Gino leaves lasting impression on amateur hockey
I've long been a fan of TV crime shows such as Law & Order and the various CSI programs. So I've learned a thing or two about the importance of forensics in nailing the culprit. It's why this week's column is about a man who has left his larg...
I've long been a fan of TV crime shows such as Law & Order and the various CSI programs.
So I've learned a thing or two about the importance of forensics in nailing the culprit.
It's why this week's column is about a man who has left his larger-than-life fingerprints all over amateur hockey, namely one John "Gino" Gasparini.
At the recent United States Hockey League all-star game, the league's Distinguished Service Award was renamed the "Gino Gasparini Award" in recognition of his 14 years of leadership as commissioner of the league.
He was at the helm as the league grew from a struggling eight-team circuit when he arrived in 1995 to a vibrant 14-team league now, and the No. 1 developmental league in the United States, without question.
His role as commissioner has ended. He's serving as executive vice president this year as he phases into retirement.
His contributions will last forever and not just in the USHL.
He was a former Sioux player and a captain of the 1968 Western Collegiate Hockey Association championship team.
Where he made a bigger mark, though, is as coach at UND. He took his first team at UND to the WCHA title in 1979 and to the NCAA tournament championship game.
He won more NCAA titles (3) and games (392) at UND than any other coach.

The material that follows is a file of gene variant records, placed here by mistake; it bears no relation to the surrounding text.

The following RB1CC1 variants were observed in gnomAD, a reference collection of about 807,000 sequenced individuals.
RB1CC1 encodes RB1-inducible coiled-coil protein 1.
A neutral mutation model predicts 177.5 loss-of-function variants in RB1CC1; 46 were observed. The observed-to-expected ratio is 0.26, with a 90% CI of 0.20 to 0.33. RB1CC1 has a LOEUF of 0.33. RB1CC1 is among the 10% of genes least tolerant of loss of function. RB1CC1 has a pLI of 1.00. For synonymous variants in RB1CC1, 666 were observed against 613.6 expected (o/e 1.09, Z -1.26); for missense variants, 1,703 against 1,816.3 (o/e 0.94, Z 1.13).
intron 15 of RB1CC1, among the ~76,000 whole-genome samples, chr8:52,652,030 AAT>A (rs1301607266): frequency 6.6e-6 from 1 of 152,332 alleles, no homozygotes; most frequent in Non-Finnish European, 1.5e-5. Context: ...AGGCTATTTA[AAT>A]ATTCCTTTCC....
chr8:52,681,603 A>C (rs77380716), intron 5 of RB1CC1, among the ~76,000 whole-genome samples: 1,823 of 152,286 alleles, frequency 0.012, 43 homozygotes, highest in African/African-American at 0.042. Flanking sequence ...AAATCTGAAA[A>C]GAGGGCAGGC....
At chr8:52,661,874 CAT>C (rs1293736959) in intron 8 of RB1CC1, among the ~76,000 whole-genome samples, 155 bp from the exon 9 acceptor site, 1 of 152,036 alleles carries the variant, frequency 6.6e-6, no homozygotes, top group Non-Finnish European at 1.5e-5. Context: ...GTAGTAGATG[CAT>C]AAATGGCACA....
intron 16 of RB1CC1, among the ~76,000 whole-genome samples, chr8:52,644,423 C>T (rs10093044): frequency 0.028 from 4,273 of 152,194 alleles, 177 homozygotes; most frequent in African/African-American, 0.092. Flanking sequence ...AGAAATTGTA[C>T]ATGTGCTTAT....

He did much of that at a time when the talent level of college hockey was at its glorious peak. When the Sioux beat Wisconsin in the 1982 NCAA title game, for example, 21 players on the rosters of those two teams eventually went on to play in the National Hockey League. We'll not see that again.
Gasparini not only recruited great players, he recruited potential leaders, and certainly left his fingerprints all over their development.
He hired Rick Wilson as an assistant coach and he later became an associate head coach in the NHL. He recruited Dave Tippett as a player and saw him rise to become a head NHL coach, first in Dallas, now in Phoenix.
He brought in young assistants Dean Blais and Cary Eades, too. Blais followed Gasparini as coach at UND in 1995 and won two NCAA titles himself and the recent World Junior Championship with his U.S. team.
Eades was a captain of that 1982 championship team and is a valued assistant coach at UND now.
Gasparini recruited Dave Hakstol as a player and named him captain of the 1992 Sioux team. His fingerprints are all over Hakstol, too, now UND's head coach.
You can make a strong case that Grand Forks' Steve Johnson is the most successful coach in the history of the USHL. Johnson, now coaching the Fargo Force, was recruited to UND by Gasparini, too, and was a captain of the 1987-88 team.
Gasparini served a dual role as hockey coach and athletic director at UND from 1985-90, perhaps diverting some of his attention from hockey. Three straight losing seasons led to his dismissal as coach by UND athletics director Terry Wanless in 1994 and an uproar from a legion of players who swore by him and stood with him.
One can go on and on with the legacy Gasparini is leaving behind in amateur hockey in the United States as he prepares to leave the game.
He took over a struggling program at UND in 1978 and brought it to national prominence in short order. He, more than any other, stamped the tough, gritty style of hockey and pride in the program all over the Sioux brand.
Not bad for a guy from Fort Frances, Ont., who was never a great player, but was a great coach and a tremendous developer of leaders and players.
In accepting his award from the USHL recently, Gasparini said he was "proud and very grateful" for the tremendous honor bestowed upon him by the league.
We -- those who love hockey -- should feel that way, too, grateful for what he built at UND and in the USHL and is leaving behind for others to carry forth.
Well done, Gino, well done.
Virg Foss, who wrote sports for the Grand Forks Herald for 36 years until his retirement, writes a weekly column for the Herald. Contact him at email@example.com or at (701) 772-9272.